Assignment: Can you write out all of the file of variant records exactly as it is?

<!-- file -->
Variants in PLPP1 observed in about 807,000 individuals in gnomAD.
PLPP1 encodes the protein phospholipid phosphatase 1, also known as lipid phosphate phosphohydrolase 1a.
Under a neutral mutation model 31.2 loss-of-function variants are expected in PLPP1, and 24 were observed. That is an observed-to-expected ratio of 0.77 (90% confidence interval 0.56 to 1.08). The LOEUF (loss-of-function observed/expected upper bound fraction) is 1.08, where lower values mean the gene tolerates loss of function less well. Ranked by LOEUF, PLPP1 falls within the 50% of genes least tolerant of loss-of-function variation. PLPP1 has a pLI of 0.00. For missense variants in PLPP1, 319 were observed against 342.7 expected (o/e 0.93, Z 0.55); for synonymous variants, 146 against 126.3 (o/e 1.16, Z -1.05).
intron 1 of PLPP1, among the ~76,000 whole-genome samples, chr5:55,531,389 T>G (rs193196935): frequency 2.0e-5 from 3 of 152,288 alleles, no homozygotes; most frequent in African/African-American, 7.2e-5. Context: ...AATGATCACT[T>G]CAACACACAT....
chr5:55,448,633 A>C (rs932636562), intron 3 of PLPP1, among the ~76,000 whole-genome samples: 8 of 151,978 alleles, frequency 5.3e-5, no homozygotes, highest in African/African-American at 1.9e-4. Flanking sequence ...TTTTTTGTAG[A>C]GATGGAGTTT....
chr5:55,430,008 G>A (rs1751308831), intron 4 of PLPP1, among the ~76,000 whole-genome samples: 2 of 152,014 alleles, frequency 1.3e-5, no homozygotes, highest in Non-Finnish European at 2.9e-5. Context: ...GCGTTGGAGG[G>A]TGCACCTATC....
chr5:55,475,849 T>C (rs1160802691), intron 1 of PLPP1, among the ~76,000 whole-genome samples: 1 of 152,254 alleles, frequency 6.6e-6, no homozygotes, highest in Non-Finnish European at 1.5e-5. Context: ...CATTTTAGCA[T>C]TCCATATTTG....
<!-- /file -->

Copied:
Variants in PLPP1 observed in about 807,000 individuals in gnomAD.
PLPP1 encodes the protein phospholipid phosphatase 1, also known as lipid phosphate phosphohydrolase 1a.
Under a neutral mutation model 31.2 loss-of-function variants are expected in PLPP1, and 24 were observed. That is an observed-to-expected ratio of 0.77 (90% confidence interval 0.56 to 1.08). The LOEUF (loss-of-function observed/expected upper bound fraction) is 1.08, where lower values mean the gene tolerates loss of function less well. Ranked by LOEUF, PLPP1 falls within the 50% of genes least tolerant of loss-of-function variation. PLPP1 has a pLI of 0.00. For missense variants in PLPP1, 319 were observed against 342.7 expected (o/e 0.93, Z 0.55); for synonymous variants, 146 against 126.3 (o/e 1.16, Z -1.05).
intron 1 of PLPP1, among the ~76,000 whole-genome samples, chr5:55,531,389 T>G (rs193196935): frequency 2.0e-5 from 3 of 152,288 alleles, no homozygotes; most frequent in African/African-American, 7.2e-5. Context: ...AATGATCACT[T>G]CAACACACAT....
chr5:55,448,633 A>C (rs932636562), intron 3 of PLPP1, among the ~76,000 whole-genome samples: 8 of 151,978 alleles, frequency 5.3e-5, no homozygotes, highest in African/African-American at 1.9e-4. Flanking sequence ...TTTTTTGTAG[A>C]GATGGAGTTT....
chr5:55,430,008 G>A (rs1751308831), intron 4 of PLPP1, among the ~76,000 whole-genome samples: 2 of 152,014 alleles, frequency 1.3e-5, no homozygotes, highest in Non-Finnish European at 2.9e-5. Context: ...GCGTTGGAGG[G>A]TGCACCTATC....
chr5:55,475,849 T>C (rs1160802691), intron 1 of PLPP1, among the ~76,000 whole-genome samples: 1 of 152,254 alleles, frequency 6.6e-6, no homozygotes, highest in Non-Finnish European at 1.5e-5. Context: ...CATTTTAGCA[T>C]TCCATATTTG....